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Terrorists use the internet to communicate

  Forum Editor 09:46 06 Jun 2017
Locked

beacuse they can do so, sure in the knowledge that security agencies will not be able to read messages that are sent via apps - like WhatsApp and Telegram - which automatically apply end to end encryption to every message.

End to end encryption effectively scrambles messages as they travel between sender and receiver, so they cannot be read by an intercepting party - even by security agencies.

Theresa May has - since the London Bridge incident - spoken about the internet being a 'safe haven' for terrorists, and she's right. The problem is, what can be done about that? Preventing social media companies from using end to end encryption is one thing, but it would simply result in terrorists designing and using their own messaging apps, and legal users would be deprived of the security they want for their personal messages.

It's a nightmarish scenario, and nobody has yet come up with a solution. Would you be happy to see services like WhatsApp and Telegram being prevented from encrypting your messages to your friends and family?

  Forum Editor 15:28 06 Jun 2017

john bunyan

"Bletchley Park have defeated most encryption since Enigma and Code Purple. I would be surprised if they cannot crack any encryption in time."

Bletchley Park was active during WWII and for a while afterwards, but it's been a a museum since 1993 - no decrypting activities have taken place there for a very long time.

Nobody has - so far - succeeded in breaking end to end (E2E) encryption technology. Not even the companies using it can read messages that pass through their servers because they don't have the encryption keys - they simply cannot decrypt messages, and neither can anyone else. Only the recipients can do that.

The current government has been worried about this for a number of years, and very recently it was announced that if re-elected the Conservatives intend to introduce urgent legislation to force social media companies to hand over decrypted data to security agencies when called upon to do so.

This would mean that the likes of WhatsApp and Telegram would have to abandon end to end encryption in order to comply.

If you want to learn more about E2E and the problems associated with getting at encrypted data, you might want to get yourself comfortable and settle in to plough through this

It identifies the problems facing security agencies faced with E2E.

1]: [click here

  anskyber 17:15 06 Jun 2017

OK. So if E2E was unlawful and the terrorists simply create their own E2E where is the benefit of removing E2E? My take is simply making their lives a little more difficult is reason enough.

The bigger picture is surely that it is time for a fundamental review of priorities for government investment where some politicians may have underestimated the impact of technology and maybe overestimated the need for conventional solutions to outside threats.

I just, and only just, support the replacement programme for Trident but at such a huge cost and with the pressing need to deal with cyber crime and the misuse of cyber technology my convictions are being strained somewhat.

  Fruit Bat /\0/\ 17:31 06 Jun 2017

Quantum computers will be able to smash through all current encryption so your privacy isn't going to last much longer anyway.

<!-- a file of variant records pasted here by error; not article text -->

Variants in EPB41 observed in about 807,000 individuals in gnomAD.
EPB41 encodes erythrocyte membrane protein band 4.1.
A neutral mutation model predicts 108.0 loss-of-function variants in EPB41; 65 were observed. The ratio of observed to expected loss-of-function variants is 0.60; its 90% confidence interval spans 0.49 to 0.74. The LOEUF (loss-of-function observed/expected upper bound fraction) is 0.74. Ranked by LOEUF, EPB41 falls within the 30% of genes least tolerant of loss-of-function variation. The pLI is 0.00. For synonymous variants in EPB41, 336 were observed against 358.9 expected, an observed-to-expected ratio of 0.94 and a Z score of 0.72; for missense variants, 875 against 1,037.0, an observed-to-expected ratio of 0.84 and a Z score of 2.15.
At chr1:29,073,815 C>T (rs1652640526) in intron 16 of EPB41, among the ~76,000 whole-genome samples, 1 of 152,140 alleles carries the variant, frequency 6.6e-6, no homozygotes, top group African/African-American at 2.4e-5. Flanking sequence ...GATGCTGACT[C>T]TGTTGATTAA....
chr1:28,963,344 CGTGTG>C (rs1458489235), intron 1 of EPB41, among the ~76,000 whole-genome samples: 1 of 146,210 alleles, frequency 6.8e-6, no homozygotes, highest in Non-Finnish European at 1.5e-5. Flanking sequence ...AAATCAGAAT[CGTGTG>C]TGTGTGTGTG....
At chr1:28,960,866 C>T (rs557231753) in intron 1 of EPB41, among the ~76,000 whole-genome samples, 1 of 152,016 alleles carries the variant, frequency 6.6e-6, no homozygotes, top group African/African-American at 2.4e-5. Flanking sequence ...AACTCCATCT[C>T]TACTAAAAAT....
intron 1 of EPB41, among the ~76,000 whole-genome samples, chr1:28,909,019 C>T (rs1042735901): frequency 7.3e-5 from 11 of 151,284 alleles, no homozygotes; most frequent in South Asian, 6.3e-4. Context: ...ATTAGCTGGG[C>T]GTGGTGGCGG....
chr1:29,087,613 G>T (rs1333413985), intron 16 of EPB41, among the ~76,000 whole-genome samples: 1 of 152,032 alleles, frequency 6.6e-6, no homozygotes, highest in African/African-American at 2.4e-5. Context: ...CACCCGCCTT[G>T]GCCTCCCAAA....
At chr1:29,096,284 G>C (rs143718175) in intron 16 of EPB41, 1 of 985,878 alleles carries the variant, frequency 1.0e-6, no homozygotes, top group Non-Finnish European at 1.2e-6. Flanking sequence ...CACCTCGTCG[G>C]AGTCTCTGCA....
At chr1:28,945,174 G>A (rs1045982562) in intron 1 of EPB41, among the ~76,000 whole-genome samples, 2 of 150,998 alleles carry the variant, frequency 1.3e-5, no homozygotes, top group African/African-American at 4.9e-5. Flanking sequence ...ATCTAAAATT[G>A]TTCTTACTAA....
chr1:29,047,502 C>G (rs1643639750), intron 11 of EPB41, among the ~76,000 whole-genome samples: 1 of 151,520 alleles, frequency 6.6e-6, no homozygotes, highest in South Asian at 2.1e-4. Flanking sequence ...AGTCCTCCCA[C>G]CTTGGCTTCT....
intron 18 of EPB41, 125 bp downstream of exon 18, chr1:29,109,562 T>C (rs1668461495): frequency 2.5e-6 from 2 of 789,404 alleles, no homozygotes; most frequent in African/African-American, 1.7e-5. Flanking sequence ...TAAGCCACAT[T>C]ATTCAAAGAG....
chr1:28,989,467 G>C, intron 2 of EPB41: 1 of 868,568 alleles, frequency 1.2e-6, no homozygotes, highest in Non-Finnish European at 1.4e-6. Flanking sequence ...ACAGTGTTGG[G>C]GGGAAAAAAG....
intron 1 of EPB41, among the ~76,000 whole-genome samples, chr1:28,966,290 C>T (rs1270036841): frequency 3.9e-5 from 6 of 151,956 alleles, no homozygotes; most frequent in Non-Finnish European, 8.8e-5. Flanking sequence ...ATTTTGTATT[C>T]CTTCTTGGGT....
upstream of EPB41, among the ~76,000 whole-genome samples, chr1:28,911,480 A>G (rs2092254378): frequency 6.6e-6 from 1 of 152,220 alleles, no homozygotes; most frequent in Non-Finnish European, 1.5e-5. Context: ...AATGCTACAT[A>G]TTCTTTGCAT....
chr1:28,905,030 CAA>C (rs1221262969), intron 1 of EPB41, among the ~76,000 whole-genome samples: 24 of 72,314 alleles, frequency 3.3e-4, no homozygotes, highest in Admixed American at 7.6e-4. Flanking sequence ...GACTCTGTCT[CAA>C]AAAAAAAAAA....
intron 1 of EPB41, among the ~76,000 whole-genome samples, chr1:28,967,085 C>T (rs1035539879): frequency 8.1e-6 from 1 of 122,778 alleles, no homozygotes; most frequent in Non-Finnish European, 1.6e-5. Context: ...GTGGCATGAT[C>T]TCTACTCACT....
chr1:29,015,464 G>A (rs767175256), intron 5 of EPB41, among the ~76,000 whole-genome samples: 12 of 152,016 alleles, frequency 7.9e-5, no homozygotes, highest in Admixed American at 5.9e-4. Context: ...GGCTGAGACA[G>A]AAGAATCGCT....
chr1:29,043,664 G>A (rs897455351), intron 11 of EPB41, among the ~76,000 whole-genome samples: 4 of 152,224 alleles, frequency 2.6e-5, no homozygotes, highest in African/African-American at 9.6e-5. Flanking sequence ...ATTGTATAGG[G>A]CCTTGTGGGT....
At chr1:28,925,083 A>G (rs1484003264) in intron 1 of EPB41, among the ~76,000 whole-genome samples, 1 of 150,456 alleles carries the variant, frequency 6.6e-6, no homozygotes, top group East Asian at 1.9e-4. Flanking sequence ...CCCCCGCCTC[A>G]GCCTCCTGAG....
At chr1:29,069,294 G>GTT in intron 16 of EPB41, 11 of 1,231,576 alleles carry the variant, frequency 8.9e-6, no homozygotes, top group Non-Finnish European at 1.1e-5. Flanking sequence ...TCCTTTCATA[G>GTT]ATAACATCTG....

It doesn't matter what tech we invent someone will find a way to misuse it for evil intent. Everything from the simple rock to break open a nut (or a head) to using a drone for smuggle drugs or drop a device on a crowd of people. Human nature I'm afraid.

  Forum Editor 17:48 06 Jun 2017

"Quantum computers will be able to smash through all current encryption so your privacy isn't going to last much longer anyway."

Quantum computing could be decades away, and even if it isn't, the development of post-quantum encryption algorithms is already under way. By the time quantum arrives, there will be quantum-proof encryption technologies.

  oresome 18:57 06 Jun 2017

You're all getting fixated with technology.

A Stanley knife is all it takes to create mayhem.

  morddwyd 20:05 06 Jun 2017

The internet is no more a "safe haven" for terrorists than the telephone or postal services are.

Both can be intercepted, with safeguards, and are, under existing law, and there is no reason for the internet to be different.

We should be very careful of a government monitoring our private intercourse as a matter of routine.

  Quickbeam 20:15 06 Jun 2017

"We should be very careful of a government monitoring our private intercourse as a matter of routine."

Which is one of the concerns that Corbyn and may raised when voting against some of the recent proposed security measures.

  Forum Editor 22:37 06 Jun 2017

morddwyd

"The internet is no more a "safe haven" for terrorists than the telephone or postal services are."

I find it hard to believe that you seriously think that is true.

If you do, let me enlighten you. Terrorists use the internet to communicate because the internet - or more specifically, some social media apps - make it easy for them to communicate in perfect privacy, with the authorities having no way to monitor their messages. End to end encryption makes it possible, and nobody can eavesdrop on their conversations.

If it was possible, it would be done, and we would all know about it.

  morddwyd 08:34 07 Jun 2017

with the authorities having no way to monitor their messages. End to end encryption makes it possible, and nobody can eavesdrop on their conversations.

That is where we essentially differ.

I do not believe that.

  john bunyan 09:56 07 Jun 2017

I agree with morddwyd- see for example

encryption

Also I went to a closed talk by a top GCHQ bod on a number of issues and although he was discreet a strong hint suggests they will find an answer, along with NSA.

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